The Upshot: Stephen Hawking is not the only one asking for more from their universe – and this savvy pop genius may have just given birth to the perfect soundtrack to help us find our way.
BY ERIC THOM
Seemingly the illegitimate love child of Jeff Lynne and Jason Falkner, this lush, stunning release from this Stonington, Connecticut native is more than deserving of your special listening chair and favorite beverage(s). Four albums in, it’s clear that Jesse Terry’s shtick is no fluke case of mere, misguided Beatle worship – he has the tunes, the arrangements, the voice and a cast of like-minded musical prodigies to bring his dream to life.
There’s much meat to be found within each lavish arrangement – his larger-than-life, sweeping string section is powered by real players who have clearly pulled hard on the same Koolaid, sharing his passion. Whereas Lynne’s signature sound is built around over-sized, shimmering bits of harmonized vocals and acoustic guitars marrying rock’n’roll to Beatlesque pop, Terry goes one better. He anoints each complex arrangement with compelling vocals that are sweet, smooth perfection, stirred into each composition like so much clarified butter – each song sounding better than the last.
The stunning “Stargazer”, for example, benefits from Terry’s Harry Nilsson-like range, with an emphasis on his higher register. It is this combination – deep, rich strings and ethereal vocals – that keep this beautiful tune high up in the cosmos and immersed in the stars. By comparison, the equally ravishing “Woken The Wildflowers” strikes a slightly darker chord, embellished by inventive strings that, along with its striking chorus, help to sink its notable hook. With lyrical content espousing a restatement of American ideals in today’s trying times, this strong track makes the most of Terry’s higher range and backing vocalists to create a song you can’t get away from, even if you wanted to. The slightly more rock-pop shimmer of “Dangerous Times” recalls the pouty attitude of Tom Petty, boasting similar degrees of radio-friendly jangle, lush harmonies and, with increased emphasis on guitar, offers a tougher alternative to the album’s heavily string-laden beginnings. “Only A Pawn” offers a twist as its complicated arrangement leans on plucked cellos and dark violin sweeps to offset its emphasis on the delicate interplay of voices, finger snaps, synth and rhythmic drumbeats.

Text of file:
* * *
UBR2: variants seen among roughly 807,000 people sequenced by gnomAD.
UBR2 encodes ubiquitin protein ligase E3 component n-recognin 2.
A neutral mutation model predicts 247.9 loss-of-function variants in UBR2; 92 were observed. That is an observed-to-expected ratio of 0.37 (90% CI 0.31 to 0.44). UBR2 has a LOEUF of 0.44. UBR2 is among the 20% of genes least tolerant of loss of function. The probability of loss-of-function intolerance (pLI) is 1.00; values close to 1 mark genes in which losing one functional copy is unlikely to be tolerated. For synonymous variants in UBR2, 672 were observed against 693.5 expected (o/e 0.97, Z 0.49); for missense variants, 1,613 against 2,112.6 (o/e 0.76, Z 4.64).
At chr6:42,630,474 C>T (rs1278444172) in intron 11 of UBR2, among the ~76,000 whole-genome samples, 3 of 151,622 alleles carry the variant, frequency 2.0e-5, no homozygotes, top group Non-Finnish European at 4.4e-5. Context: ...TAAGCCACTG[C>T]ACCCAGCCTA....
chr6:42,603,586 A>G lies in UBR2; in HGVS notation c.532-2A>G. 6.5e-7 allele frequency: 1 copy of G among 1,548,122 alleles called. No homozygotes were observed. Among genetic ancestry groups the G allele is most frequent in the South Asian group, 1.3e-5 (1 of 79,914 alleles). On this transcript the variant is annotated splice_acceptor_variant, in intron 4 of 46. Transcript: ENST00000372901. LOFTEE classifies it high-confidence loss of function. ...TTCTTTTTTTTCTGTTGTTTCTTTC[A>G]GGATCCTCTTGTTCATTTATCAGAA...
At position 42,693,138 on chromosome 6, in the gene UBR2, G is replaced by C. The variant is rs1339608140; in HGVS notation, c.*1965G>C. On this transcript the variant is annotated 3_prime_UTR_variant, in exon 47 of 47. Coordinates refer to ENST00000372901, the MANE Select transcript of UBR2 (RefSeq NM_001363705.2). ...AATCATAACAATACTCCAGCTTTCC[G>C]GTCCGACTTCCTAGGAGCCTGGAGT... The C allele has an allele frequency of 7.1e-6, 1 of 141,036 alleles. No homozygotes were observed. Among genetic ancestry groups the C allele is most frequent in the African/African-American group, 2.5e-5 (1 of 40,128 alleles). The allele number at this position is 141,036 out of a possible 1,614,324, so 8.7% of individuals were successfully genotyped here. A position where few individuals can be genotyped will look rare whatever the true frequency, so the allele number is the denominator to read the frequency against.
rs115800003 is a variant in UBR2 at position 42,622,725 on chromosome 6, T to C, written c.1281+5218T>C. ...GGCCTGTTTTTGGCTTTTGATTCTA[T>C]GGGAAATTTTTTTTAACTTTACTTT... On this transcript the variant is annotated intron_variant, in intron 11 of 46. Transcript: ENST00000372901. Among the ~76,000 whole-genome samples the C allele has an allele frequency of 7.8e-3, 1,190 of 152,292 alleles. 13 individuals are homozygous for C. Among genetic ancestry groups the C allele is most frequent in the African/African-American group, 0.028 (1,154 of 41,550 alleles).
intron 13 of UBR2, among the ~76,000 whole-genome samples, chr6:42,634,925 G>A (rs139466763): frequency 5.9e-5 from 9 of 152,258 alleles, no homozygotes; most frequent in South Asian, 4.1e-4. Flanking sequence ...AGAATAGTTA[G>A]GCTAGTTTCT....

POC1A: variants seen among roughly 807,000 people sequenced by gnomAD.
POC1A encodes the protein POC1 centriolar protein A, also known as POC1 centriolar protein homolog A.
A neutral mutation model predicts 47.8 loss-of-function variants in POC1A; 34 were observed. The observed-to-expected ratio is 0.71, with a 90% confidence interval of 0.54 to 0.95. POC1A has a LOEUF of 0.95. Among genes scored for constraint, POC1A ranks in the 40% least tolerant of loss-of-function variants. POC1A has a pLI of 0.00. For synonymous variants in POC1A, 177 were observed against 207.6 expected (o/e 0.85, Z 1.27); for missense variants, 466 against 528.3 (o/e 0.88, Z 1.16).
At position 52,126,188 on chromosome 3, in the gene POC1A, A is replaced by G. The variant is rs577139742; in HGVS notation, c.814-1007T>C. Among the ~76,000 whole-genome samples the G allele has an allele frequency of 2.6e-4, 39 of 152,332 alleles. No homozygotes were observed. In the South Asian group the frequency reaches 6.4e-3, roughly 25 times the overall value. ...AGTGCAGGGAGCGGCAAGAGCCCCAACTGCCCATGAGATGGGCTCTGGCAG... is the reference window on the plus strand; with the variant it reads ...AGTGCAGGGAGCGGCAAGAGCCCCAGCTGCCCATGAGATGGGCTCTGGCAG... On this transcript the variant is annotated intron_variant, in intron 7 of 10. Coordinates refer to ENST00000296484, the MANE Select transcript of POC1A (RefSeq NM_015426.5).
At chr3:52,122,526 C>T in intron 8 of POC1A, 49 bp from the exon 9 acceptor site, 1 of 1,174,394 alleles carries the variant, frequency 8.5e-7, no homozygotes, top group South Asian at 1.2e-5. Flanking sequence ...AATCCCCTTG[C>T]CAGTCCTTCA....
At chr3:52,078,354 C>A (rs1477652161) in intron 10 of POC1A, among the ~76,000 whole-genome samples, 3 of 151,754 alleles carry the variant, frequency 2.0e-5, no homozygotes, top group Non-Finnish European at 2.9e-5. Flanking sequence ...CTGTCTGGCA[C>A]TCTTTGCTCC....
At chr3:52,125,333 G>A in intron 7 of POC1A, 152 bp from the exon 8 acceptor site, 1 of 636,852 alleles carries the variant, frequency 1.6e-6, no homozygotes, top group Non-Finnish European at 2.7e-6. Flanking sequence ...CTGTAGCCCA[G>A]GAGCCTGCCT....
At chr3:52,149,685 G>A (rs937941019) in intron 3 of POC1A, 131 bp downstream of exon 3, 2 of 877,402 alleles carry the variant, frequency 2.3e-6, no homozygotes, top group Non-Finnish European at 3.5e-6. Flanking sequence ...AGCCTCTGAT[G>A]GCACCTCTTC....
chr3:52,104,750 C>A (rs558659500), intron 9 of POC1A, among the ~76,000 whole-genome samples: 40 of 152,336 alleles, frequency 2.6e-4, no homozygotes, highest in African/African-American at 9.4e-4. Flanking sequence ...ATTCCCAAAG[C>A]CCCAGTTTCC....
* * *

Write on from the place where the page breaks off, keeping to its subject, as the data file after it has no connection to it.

If something from Sgt. Pepper’s comes to mind, that deal is hammered home with the first strains of the highly Beatle-esque “Kaleidoscope”. Terry’s Lennon-ized lead vocal melds with Fab Four-grade backup vocals that float their “Fa la la la la”s over the composition as the rich tempo of Josh Kaler’s drums complete the recipe, together with stringed accompaniment and some distinctly out-of-character guitar edge from Terry. This is Beatles worship at its finest, enhanced by razor-sharp, upgraded sounds. “Stay Low” is another puzzler in this mix, as its melody gets somewhat lost, compromised by disjointed strings and offbeat piano, despite the usual lush vocals and rich backup support. “Won’t Let The Boy Die” resuscitates the flow, strongly recalling the majesty of the late, great Gerry Rafferty – his vocal style a sophisticated variation on McCartney’s. Another upbeat pop masterpiece, Terry employs equal parts strings, drums and guitar and, once again, a triumphant chorus, replete with smooth backing vocals and tumbling drums. An acoustic guitar-and-bass-drum-driven “Dance In Our Old Shoes” presents a welcome change of pace, graced by its dynamic chorus as acoustic goes electric – and back. Terry retains that strong Rafferty element in his lead vocal while the song’s contagious, hard-strummed acoustic sound illustrates another strong addition to the young singer’s arsenal. The piano-rock intro to “Runaway Town” sets up this Rafferty-tinged folk-rocker, its overall energy recalling the BoDeans at their roots-rock best as Terry lays claim to even more creative turf than he might’ve believed possible. The spacey electric guitar accompanying the strummed acoustic guitar helps move “Trouble In My Head” high and outside as this blissful ballad applies strings to elevate the emotions, further demonstrating Terry’s bottomless potential. The closing “Dear Amsterdam” is a gentle anthem, if not thoughtful lullaby, to a beautiful city, all the more celestial through Terry’s use of swelling strings as he further harnesses his somewhat exploratory Harry Nilsson side.
The blend of Terry’s dynamic vocals to those of Josh Kaler, Danny Mitchell and Jeremy Lister cannot be underestimated in the success of this record. At the same time, renowned composer Danny Mitchell deserves a hearty bow in the wake of his stringed arrangements, responsible for much of Stargazer’s stand-out sound – brought to you by David Davidson and David Angell on violin, Monisa Angell on viola and Carole Rabinowitz on cello. Multi-instrumentalists Mitchell (piano, organ, keyboards) and Josh Kaler (drums, bass, guitars, lap steel) join Terry on vocals and guitar to create a Nashville-based session band without equal on this highly spirited release.
As Terry has noted, Stargazer was a labor of love as he and his producer, Kaler, worked to bring something fresh to each track – hoping to mirror his taste in many of the well-produced and expertly-realized records he first fell in love with as a music fan. You can hear these influences on Stargazer as you can appreciate the amount of work that’s gone into mastering each and every song. And, as you wake up singing these hooks over and over to yourself songs because you just can’t get them out of your head, you’ll soon appreciate the full value of Stargazer. It’s that good.
DOWNLOAD: “Stargazer,” “Woken the Wildflowers,” “Dance In Our Old Shoes”